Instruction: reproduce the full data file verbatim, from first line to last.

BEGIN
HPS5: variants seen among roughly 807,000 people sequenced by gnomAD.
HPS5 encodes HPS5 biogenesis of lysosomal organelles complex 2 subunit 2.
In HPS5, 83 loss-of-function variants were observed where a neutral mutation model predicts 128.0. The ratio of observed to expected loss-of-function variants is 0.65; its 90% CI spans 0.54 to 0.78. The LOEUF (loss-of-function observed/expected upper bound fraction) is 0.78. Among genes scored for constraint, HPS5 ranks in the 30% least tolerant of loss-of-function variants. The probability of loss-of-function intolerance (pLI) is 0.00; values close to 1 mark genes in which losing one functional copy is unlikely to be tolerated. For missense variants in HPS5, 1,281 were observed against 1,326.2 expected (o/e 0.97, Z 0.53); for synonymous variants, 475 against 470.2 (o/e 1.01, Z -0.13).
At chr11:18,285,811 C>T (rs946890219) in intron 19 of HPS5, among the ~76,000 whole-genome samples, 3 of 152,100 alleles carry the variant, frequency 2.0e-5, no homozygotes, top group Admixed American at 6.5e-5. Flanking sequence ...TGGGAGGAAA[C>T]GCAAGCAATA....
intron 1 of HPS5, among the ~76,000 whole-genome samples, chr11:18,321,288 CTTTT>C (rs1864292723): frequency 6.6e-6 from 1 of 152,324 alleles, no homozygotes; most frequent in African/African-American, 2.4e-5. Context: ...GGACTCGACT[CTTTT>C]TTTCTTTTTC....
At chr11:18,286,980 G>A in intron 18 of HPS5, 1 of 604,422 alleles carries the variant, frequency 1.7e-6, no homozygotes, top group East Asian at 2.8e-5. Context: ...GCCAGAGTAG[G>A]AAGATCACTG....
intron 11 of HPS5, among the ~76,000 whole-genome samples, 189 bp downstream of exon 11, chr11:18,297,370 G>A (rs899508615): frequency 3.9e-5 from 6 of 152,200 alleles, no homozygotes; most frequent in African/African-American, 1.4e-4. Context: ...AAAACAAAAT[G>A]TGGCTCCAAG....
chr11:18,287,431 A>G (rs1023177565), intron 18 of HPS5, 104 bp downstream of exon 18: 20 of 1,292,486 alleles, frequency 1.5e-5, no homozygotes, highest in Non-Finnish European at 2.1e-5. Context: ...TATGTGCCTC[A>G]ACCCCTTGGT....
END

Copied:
HPS5: variants seen among roughly 807,000 people sequenced by gnomAD.
HPS5 encodes HPS5 biogenesis of lysosomal organelles complex 2 subunit 2.
In HPS5, 83 loss-of-function variants were observed where a neutral mutation model predicts 128.0. The ratio of observed to expected loss-of-function variants is 0.65; its 90% CI spans 0.54 to 0.78. The LOEUF (loss-of-function observed/expected upper bound fraction) is 0.78. Among genes scored for constraint, HPS5 ranks in the 30% least tolerant of loss-of-function variants. The probability of loss-of-function intolerance (pLI) is 0.00; values close to 1 mark genes in which losing one functional copy is unlikely to be tolerated. For missense variants in HPS5, 1,281 were observed against 1,326.2 expected (o/e 0.97, Z 0.53); for synonymous variants, 475 against 470.2 (o/e 1.01, Z -0.13).
At chr11:18,285,811 C>T (rs946890219) in intron 19 of HPS5, among the ~76,000 whole-genome samples, 3 of 152,100 alleles carry the variant, frequency 2.0e-5, no homozygotes, top group Admixed American at 6.5e-5. Flanking sequence ...TGGGAGGAAA[C>T]GCAAGCAATA....
intron 1 of HPS5, among the ~76,000 whole-genome samples, chr11:18,321,288 CTTTT>C (rs1864292723): frequency 6.6e-6 from 1 of 152,324 alleles, no homozygotes; most frequent in African/African-American, 2.4e-5. Context: ...GGACTCGACT[CTTTT>C]TTTCTTTTTC....
At chr11:18,286,980 G>A in intron 18 of HPS5, 1 of 604,422 alleles carries the variant, frequency 1.7e-6, no homozygotes, top group East Asian at 2.8e-5. Context: ...GCCAGAGTAG[G>A]AAGATCACTG....
intron 11 of HPS5, among the ~76,000 whole-genome samples, 189 bp downstream of exon 11, chr11:18,297,370 G>A (rs899508615): frequency 3.9e-5 from 6 of 152,200 alleles, no homozygotes; most frequent in African/African-American, 1.4e-4. Context: ...AAAACAAAAT[G>A]TGGCTCCAAG....
chr11:18,287,431 A>G (rs1023177565), intron 18 of HPS5, 104 bp downstream of exon 18: 20 of 1,292,486 alleles, frequency 1.5e-5, no homozygotes, highest in Non-Finnish European at 2.1e-5. Context: ...TATGTGCCTC[A>G]ACCCCTTGGT....